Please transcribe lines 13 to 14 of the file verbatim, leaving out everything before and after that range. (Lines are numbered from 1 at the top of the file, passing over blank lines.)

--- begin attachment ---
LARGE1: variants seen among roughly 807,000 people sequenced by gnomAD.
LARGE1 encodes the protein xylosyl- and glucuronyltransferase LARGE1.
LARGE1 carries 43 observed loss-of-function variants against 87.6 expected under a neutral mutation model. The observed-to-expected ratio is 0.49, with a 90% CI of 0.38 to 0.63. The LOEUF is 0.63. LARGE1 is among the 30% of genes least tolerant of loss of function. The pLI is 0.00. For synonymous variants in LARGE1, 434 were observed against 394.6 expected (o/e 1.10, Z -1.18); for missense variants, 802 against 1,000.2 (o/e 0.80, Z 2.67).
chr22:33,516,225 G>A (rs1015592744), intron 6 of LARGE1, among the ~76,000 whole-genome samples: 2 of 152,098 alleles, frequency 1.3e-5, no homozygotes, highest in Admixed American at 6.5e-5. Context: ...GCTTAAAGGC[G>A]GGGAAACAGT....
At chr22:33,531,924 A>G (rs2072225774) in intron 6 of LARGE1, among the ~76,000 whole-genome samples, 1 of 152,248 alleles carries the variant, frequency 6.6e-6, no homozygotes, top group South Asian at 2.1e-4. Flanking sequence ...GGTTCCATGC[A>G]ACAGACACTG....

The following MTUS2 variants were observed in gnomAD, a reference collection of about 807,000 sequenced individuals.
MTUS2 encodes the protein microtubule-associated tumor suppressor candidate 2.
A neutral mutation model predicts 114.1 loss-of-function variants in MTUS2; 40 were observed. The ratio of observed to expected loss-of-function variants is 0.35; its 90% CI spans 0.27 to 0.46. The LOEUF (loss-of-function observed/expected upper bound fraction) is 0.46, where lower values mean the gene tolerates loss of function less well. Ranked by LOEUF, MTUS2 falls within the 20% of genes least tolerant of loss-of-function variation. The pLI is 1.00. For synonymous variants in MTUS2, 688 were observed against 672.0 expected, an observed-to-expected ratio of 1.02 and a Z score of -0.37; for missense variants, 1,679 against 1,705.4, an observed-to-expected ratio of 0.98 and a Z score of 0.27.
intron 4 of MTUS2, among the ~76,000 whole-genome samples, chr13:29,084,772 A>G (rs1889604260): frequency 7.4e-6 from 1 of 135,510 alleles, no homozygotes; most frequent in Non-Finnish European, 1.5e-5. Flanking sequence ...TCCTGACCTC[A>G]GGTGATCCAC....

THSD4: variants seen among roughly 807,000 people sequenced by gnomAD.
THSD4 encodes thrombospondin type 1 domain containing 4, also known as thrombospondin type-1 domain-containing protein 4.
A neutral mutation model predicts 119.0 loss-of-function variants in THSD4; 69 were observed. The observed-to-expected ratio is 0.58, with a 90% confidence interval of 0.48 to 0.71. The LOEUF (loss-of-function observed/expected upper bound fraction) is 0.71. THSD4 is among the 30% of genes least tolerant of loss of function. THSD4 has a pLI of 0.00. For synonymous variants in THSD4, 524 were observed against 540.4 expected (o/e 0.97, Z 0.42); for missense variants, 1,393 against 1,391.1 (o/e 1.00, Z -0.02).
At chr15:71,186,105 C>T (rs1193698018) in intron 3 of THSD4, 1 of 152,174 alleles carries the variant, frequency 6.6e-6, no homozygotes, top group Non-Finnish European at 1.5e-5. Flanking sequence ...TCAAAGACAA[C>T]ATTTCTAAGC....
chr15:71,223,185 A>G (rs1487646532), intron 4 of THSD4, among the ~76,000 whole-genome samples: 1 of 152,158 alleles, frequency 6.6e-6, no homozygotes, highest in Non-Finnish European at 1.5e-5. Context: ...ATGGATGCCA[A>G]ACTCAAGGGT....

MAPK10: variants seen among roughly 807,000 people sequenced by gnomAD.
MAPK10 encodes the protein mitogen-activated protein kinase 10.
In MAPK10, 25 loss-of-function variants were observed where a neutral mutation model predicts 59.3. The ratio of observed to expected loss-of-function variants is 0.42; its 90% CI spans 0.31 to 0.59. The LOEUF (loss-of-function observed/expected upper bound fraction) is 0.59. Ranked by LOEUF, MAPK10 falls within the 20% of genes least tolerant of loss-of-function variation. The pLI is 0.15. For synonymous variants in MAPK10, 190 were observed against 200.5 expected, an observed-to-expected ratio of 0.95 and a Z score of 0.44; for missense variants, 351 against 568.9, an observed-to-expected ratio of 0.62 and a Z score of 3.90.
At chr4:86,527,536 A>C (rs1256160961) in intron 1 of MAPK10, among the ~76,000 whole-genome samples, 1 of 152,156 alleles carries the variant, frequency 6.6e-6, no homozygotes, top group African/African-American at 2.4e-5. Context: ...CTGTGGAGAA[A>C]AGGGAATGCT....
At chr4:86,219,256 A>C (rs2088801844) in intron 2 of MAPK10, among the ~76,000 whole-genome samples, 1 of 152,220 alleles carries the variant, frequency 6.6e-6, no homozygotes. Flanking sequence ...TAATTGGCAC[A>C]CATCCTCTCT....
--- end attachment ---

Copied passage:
At chr15:71,186,105 C>T (rs1193698018) in intron 3 of THSD4, 1 of 152,174 alleles carries the variant, frequency 6.6e-6, no homozygotes, top group Non-Finnish European at 1.5e-5. Flanking sequence ...TCAAAGACAA[C>T]ATTTCTAAGC....
chr15:71,223,185 A>G (rs1487646532), intron 4 of THSD4, among the ~76,000 whole-genome samples: 1 of 152,158 alleles, frequency 6.6e-6, no homozygotes, highest in Non-Finnish European at 1.5e-5. Context: ...ATGGATGCCA[A>G]ACTCAAGGGT....